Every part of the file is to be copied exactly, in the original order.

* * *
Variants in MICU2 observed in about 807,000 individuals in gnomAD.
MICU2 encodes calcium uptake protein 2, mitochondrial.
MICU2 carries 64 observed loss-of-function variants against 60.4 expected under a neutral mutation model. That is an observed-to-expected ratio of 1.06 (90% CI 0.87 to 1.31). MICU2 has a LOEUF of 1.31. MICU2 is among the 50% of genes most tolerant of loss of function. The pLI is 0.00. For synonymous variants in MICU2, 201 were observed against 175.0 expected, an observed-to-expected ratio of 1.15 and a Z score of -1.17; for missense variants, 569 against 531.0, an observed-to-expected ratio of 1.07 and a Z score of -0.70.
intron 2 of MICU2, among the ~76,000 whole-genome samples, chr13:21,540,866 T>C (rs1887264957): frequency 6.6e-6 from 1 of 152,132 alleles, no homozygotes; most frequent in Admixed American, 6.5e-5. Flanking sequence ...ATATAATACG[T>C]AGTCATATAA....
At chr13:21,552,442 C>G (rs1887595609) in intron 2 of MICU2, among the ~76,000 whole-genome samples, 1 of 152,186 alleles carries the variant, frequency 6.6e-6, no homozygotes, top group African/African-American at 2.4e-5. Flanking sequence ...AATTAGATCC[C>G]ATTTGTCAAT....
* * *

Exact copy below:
Variants in MICU2 observed in about 807,000 individuals in gnomAD.
MICU2 encodes calcium uptake protein 2, mitochondrial.
MICU2 carries 64 observed loss-of-function variants against 60.4 expected under a neutral mutation model. That is an observed-to-expected ratio of 1.06 (90% CI 0.87 to 1.31). MICU2 has a LOEUF of 1.31. MICU2 is among the 50% of genes most tolerant of loss of function. The pLI is 0.00. For synonymous variants in MICU2, 201 were observed against 175.0 expected, an observed-to-expected ratio of 1.15 and a Z score of -1.17; for missense variants, 569 against 531.0, an observed-to-expected ratio of 1.07 and a Z score of -0.70.
intron 2 of MICU2, among the ~76,000 whole-genome samples, chr13:21,540,866 T>C (rs1887264957): frequency 6.6e-6 from 1 of 152,132 alleles, no homozygotes; most frequent in Admixed American, 6.5e-5. Flanking sequence ...ATATAATACG[T>C]AGTCATATAA....
At chr13:21,552,442 C>G (rs1887595609) in intron 2 of MICU2, among the ~76,000 whole-genome samples, 1 of 152,186 alleles carries the variant, frequency 6.6e-6, no homozygotes, top group African/African-American at 2.4e-5. Flanking sequence ...AATTAGATCC[C>G]ATTTGTCAAT....